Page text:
In BriefThe UK government and its armed forces are making it a policy not to develop and use fully autonomous weapons, or weapons that can make decisions independent from human oversight. The new doctrine was announced weeks after experts warned the UN about such weapons.
Heeding the Warning
It looks like warnings about the dangers of applying artificial intelligence (AI) in weapons development has not fallen on deaf ears. In response to the open letter to the United Nations, sent by 116 experts and led by serial entrepreneur Elon Musk, the government of Great Britain has decided to ban fully autonomous weapons and weapons systems. The news comes in an announcement made by the U.K. Ministry of Defense earlier this week.
Specifically, the British government’s ban extends to the development of weapons that can decide their own targets — yes, like those AI-powered missiles Russia is supposedly working on and those fully autonomous drones Russian arms developer Kalashnikov is building. Fully autonomous weapons are weapons that can “think” for themselves. This doesn’t include remotely operated drones and semi-autonomous defense systems, which armed forces from nations like the United States, South Korea, and even the U.K. currently employ.
For U.K. armed forces minister Mark Lancaster, deciding what to target is a responsibility suitable only for human soldiers. “It’s absolutely right that our weapons are operated by real people capable of making incredibly important decisions, and we are guaranteeing that vital oversight,” Lancaster said regarding the new doctrine.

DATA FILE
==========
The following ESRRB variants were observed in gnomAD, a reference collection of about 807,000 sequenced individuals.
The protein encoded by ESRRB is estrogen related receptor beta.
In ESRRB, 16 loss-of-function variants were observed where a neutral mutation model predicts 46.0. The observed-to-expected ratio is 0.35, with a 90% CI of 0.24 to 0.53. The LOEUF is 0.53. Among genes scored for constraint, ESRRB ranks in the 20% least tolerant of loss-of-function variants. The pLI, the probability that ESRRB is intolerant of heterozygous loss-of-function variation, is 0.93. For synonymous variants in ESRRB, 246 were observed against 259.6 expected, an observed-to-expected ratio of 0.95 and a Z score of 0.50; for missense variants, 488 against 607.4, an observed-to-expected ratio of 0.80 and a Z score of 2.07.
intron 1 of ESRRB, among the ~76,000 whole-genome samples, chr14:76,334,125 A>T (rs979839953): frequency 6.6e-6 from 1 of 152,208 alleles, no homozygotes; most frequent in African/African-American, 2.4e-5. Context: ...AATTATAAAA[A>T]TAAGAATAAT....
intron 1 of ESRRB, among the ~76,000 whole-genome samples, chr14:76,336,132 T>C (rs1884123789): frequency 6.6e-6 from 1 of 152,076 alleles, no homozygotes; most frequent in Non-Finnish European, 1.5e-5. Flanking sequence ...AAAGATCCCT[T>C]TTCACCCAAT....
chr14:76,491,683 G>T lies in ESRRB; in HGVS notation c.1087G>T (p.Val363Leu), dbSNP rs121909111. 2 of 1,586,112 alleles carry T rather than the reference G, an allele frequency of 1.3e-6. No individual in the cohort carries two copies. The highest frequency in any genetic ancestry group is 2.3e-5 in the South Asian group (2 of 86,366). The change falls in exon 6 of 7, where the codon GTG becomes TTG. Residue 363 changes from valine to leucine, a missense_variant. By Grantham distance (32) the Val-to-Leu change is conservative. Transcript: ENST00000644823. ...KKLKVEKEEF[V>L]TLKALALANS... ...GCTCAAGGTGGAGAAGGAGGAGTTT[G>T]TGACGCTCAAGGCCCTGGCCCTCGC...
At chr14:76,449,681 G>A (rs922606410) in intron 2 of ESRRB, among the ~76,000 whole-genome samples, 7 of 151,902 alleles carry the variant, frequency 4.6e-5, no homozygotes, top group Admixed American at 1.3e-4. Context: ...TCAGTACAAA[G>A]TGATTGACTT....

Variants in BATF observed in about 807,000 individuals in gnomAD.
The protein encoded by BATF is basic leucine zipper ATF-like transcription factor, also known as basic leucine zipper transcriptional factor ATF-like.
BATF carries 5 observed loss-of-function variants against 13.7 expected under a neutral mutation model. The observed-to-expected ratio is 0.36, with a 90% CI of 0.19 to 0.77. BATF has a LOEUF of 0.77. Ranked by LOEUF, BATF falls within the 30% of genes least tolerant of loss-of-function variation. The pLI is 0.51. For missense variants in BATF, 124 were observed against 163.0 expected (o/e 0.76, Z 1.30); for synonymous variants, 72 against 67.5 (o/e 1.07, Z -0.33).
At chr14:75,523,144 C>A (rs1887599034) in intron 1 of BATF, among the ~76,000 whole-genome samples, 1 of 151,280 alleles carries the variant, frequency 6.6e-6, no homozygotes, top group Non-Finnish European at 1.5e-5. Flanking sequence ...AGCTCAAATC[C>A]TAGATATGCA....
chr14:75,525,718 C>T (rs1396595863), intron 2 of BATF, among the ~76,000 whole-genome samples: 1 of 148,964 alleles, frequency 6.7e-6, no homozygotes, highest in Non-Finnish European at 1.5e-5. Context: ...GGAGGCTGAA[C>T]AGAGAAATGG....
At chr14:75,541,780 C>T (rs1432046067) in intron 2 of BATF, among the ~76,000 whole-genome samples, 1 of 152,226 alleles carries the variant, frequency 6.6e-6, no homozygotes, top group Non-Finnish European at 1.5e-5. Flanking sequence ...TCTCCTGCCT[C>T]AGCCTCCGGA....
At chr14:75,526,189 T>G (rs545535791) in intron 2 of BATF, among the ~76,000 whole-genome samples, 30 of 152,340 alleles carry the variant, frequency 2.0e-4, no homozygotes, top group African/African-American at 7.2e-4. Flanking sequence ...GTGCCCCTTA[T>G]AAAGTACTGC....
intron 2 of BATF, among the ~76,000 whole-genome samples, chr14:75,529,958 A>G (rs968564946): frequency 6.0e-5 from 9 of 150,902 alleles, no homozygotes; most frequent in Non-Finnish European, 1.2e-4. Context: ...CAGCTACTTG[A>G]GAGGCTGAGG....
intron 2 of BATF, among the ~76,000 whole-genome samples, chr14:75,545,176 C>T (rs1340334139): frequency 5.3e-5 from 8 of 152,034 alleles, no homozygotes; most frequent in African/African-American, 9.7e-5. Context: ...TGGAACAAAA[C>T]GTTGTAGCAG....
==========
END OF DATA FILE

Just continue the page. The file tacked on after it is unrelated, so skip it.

The announcement was concurrent with the Defense and Security Equipment International show — one of the biggest weapons exhibitions in the world.
The new doctrine published by the Ministry of Defense affirms that “human control of cutting-edge weaponry” is safer for both civilians and military personnel. Such weapons, the announcement said, “will always be under control as an absolute guarantee of human oversight and authority and accountability.” The doctrine also noted that the U.K. “does not possess fully autonomous weapon systems and has no intention of developing them.”
Developing fully autonomous weaponry is definitely appealing to military powers, and Russian President Vladimir Putin even said that he sees future wars being fought using such weapons. That’s as close as we could get to an open declaration of an AI arms race, as Putin himself said that whichever country leads in AI development — weapons included — “will be the ruler of the world.”
Even before Musk’s letter, AI experts warned about this possibility: back in 2015, in an open letter released at the International Joint Conference on Artificial Intelligence (IJCAI). “Starting a military AI arms race is a bad idea, and should be prevented by a ban on offensive autonomous weapons beyond meaningful human control,” the letter stated.
The same warning was echoed in the open letter sent to the U.N., saying that such weapons “can be weapons of terror, weapons that despots and terrorists use against innocent populations, and weapons hacked to behave in undesirable ways.”
Hopefully, the issue of weapons doesn’t take away from all the positive effects AI can bring. Indeed, human control and oversight are key. But, as U.K. robotics expert Noel Sharkey told The Verge, he hopes this will translate to “human control of weapons in a meaningful and deliberative way.”